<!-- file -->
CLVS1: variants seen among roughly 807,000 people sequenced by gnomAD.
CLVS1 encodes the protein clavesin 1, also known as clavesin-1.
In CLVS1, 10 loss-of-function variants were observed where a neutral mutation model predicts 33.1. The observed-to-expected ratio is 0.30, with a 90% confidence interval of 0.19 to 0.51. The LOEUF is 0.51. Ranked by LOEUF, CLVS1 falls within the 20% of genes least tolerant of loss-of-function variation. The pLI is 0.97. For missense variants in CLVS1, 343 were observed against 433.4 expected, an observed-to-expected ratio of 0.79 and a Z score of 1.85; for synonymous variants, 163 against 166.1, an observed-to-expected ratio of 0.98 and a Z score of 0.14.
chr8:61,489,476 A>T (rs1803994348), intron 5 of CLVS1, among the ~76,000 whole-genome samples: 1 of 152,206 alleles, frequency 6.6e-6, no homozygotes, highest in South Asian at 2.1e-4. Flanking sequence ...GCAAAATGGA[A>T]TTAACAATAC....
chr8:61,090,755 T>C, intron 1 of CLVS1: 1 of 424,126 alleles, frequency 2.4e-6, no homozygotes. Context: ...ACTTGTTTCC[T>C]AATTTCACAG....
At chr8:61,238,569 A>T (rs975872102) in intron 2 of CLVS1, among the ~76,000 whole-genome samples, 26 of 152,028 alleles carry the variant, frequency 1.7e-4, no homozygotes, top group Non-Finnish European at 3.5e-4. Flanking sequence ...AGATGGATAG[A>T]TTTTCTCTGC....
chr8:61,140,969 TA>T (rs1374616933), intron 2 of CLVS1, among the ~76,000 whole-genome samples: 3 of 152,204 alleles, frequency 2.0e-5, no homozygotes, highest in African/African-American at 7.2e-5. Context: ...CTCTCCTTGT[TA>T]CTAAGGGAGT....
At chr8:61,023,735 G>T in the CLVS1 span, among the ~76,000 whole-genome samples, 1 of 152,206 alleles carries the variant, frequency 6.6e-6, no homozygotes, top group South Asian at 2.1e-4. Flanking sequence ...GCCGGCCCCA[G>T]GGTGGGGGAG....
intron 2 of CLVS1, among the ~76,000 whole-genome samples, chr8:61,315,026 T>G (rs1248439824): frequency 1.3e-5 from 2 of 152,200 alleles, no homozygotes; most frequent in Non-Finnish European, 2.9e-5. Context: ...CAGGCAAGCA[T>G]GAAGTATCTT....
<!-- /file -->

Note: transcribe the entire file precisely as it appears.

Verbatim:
CLVS1: variants seen among roughly 807,000 people sequenced by gnomAD.
CLVS1 encodes the protein clavesin 1, also known as clavesin-1.
In CLVS1, 10 loss-of-function variants were observed where a neutral mutation model predicts 33.1. The observed-to-expected ratio is 0.30, with a 90% confidence interval of 0.19 to 0.51. The LOEUF is 0.51. Ranked by LOEUF, CLVS1 falls within the 20% of genes least tolerant of loss-of-function variation. The pLI is 0.97. For missense variants in CLVS1, 343 were observed against 433.4 expected, an observed-to-expected ratio of 0.79 and a Z score of 1.85; for synonymous variants, 163 against 166.1, an observed-to-expected ratio of 0.98 and a Z score of 0.14.
chr8:61,489,476 A>T (rs1803994348), intron 5 of CLVS1, among the ~76,000 whole-genome samples: 1 of 152,206 alleles, frequency 6.6e-6, no homozygotes, highest in South Asian at 2.1e-4. Flanking sequence ...GCAAAATGGA[A>T]TTAACAATAC....
chr8:61,090,755 T>C, intron 1 of CLVS1: 1 of 424,126 alleles, frequency 2.4e-6, no homozygotes. Context: ...ACTTGTTTCC[T>C]AATTTCACAG....
At chr8:61,238,569 A>T (rs975872102) in intron 2 of CLVS1, among the ~76,000 whole-genome samples, 26 of 152,028 alleles carry the variant, frequency 1.7e-4, no homozygotes, top group Non-Finnish European at 3.5e-4. Flanking sequence ...AGATGGATAG[A>T]TTTTCTCTGC....
chr8:61,140,969 TA>T (rs1374616933), intron 2 of CLVS1, among the ~76,000 whole-genome samples: 3 of 152,204 alleles, frequency 2.0e-5, no homozygotes, highest in African/African-American at 7.2e-5. Context: ...CTCTCCTTGT[TA>T]CTAAGGGAGT....
At chr8:61,023,735 G>T in the CLVS1 span, among the ~76,000 whole-genome samples, 1 of 152,206 alleles carries the variant, frequency 6.6e-6, no homozygotes, top group South Asian at 2.1e-4. Flanking sequence ...GCCGGCCCCA[G>T]GGTGGGGGAG....
intron 2 of CLVS1, among the ~76,000 whole-genome samples, chr8:61,315,026 T>G (rs1248439824): frequency 1.3e-5 from 2 of 152,200 alleles, no homozygotes; most frequent in Non-Finnish European, 2.9e-5. Context: ...CAGGCAAGCA[T>G]GAAGTATCTT....